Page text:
Bullying Prevention Month: What Parents Should Know About Bullying and Hazing

October 17, 2018
Bullying Prevention
Every October, the U.S. recognizes National Bullying Prevention Month with efforts to raise awareness and reduce incidents of bullying. While bullying is most common in middle school, as students enter high school and college they are at increasing threat of hazing. Both forms of harassment among students are on the rise; 28% of U.S. students between grades 6 and 12 say they’ve experienced bullying, while 22% of Americans ages 18-34 report being hazed in high school and 11% say they were hazed in college.

Bullying and hazing have many similarities, but the national non-profit organization HazingPrevention.Org defines the difference this way: “Bullying is about exclusion. Hazing is about inclusion.” Here’s what parents and students should know about bullying and hazing, and how they can respond when it happens.

Defining Bullying

The StopBullying.Gov initiative of the U.S. Department of Health and Human Services identifies the key components of bullying as unwanted aggressive behavior; observed or perceived power imbalance; and repetition of behaviors or high likelihood of repetition. It distinguishes between bullying that is direct (occurring in the presence of the targeted youth) and indirect (communicated to others, like spreading rumors).

About 9% of students in grades 6-12 report being cyberbullied, which can include “verbal aggression (e.g., threatening or harassing electronic communications) and relational aggression (e.g., spreading rumors electronically). … Cyberbullying can also involve property damage resulting from electronic attacks that lead to the modification, dissemination, damage, or destruction of a youth’s privately stored electronic information.”

In the state of Ohio, the Ohio Revised Code defines bullying as “any intentional written, verbal, electronic, or physical act that a student has exhibited toward another particular student more than once,” behavior that both “causes mental or physical harm to the other student” and “is sufficiently severe, persistent, or pervasive that it creates an intimidating, threatening, or abusive educational environment for the other student.”

How Hazing’s Different

HazingPrevention.Org defines hazing as “any action taken or any situation created intentionally that causes embarrassment, harassment or ridicule and risks emotional and/or physical harm to members of a group or team, whether new or not, regardless of the person’s willingness to participate.” That organization points to three common factors found in hazing activities:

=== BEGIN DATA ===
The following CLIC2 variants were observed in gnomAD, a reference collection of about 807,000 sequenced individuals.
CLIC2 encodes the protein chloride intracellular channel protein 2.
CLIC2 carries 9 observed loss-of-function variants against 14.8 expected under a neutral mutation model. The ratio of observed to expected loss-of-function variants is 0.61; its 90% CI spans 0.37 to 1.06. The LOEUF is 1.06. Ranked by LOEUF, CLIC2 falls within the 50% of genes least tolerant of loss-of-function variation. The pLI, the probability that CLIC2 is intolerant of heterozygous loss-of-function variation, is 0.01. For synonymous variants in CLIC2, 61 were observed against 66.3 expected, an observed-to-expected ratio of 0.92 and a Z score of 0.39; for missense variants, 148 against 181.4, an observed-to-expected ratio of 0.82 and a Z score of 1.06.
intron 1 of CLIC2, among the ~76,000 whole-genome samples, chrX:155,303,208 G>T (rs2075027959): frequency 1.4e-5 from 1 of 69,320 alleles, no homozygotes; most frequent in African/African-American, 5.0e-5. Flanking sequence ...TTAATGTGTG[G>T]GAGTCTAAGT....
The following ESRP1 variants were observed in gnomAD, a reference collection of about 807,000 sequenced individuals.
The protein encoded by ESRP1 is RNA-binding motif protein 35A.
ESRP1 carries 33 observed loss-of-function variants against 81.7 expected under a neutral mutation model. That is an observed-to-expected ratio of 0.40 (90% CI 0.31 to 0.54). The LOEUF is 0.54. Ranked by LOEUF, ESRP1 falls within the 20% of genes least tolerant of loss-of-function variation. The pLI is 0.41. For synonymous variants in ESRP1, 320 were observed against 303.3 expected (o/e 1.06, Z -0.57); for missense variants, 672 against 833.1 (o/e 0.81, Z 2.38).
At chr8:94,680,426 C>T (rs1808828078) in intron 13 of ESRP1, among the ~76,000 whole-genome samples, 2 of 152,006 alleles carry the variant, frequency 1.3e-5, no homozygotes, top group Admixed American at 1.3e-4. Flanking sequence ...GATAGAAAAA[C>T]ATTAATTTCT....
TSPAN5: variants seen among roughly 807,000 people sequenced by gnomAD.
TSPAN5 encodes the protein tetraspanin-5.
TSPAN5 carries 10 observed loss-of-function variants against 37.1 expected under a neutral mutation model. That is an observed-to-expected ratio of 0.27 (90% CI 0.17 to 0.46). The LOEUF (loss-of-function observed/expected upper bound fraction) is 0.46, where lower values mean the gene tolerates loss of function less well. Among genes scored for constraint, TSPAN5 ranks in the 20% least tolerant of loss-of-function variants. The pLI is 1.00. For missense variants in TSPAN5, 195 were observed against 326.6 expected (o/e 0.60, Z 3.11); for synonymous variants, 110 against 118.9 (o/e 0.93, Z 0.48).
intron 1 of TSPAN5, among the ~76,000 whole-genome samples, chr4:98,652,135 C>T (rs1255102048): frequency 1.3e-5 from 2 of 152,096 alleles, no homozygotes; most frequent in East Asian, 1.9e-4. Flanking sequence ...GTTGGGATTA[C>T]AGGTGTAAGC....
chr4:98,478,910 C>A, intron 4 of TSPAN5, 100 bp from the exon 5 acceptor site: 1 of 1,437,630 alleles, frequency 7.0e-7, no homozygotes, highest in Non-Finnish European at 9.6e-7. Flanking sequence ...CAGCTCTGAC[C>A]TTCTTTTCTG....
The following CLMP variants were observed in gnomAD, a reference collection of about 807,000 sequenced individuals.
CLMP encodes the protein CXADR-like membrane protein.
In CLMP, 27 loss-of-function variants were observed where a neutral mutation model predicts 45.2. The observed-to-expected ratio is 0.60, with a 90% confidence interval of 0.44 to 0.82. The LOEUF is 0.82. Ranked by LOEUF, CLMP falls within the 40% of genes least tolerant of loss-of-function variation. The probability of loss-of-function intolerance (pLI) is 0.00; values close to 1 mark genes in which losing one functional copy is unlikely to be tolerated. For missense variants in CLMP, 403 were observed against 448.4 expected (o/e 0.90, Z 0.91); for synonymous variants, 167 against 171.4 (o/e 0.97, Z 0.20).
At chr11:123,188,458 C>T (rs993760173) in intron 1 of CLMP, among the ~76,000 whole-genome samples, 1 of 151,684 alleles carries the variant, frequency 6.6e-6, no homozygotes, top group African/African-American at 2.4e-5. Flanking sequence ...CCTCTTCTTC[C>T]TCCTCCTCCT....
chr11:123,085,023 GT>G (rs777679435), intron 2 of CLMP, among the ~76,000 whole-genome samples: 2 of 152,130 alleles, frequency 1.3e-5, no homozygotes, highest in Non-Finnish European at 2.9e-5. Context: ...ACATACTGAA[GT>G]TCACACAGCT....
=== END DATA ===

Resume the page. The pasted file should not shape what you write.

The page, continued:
• Power differential between those in a group and those who want to join a group, or between senior and junior members of a group
  • Intentional initiation rite, practice or ‘tradition’ involved
  • Willingness to participate does not absolve responsibility for either party

Hazing is most common among athletic teams, fraternities and sororities and other clubs. Hazing incidents making headlines across the country show the many forms it can take – forced consumption of alcohol, enduring sleeplessness or beatings, public humiliation or requirements that initiates engage in illegal activities.

How Parents Can Fight Back

With regard to bullying, there is no specific law in the state of Ohio that allows victims and their families to sue for harassment, intimidation or bullying. However, families can file claims under other state and federal causes of action. In each bullying case, the circumstances will depend upon the facts of the case.

Hazing is a crime in 44 states, including Ohio. Those who participate in school hazing can face criminal charges, but if hazing occurs in an educational setting, several parties can also potentially be held liable. According to Ohio Revised Code, victims may sue the school and/or school employee who “knew or reasonably should have known” about the hazing and who did not make “reasonable attempts to prevent it.” Ohio law also states that hazing victims can bring a civil lawsuit against their offenders.

Victims can file a lawsuit in federal or state courts. Lastly, students, private schools, public school districts, and school or school district employees may be held liable for this type of behavior and also subject to a lawsuit.

To learn more, contact Susan Stone at scs@kjk.com or 216.736.7220 or Kristina Supler at kws@kjk.com or 216.736.7217.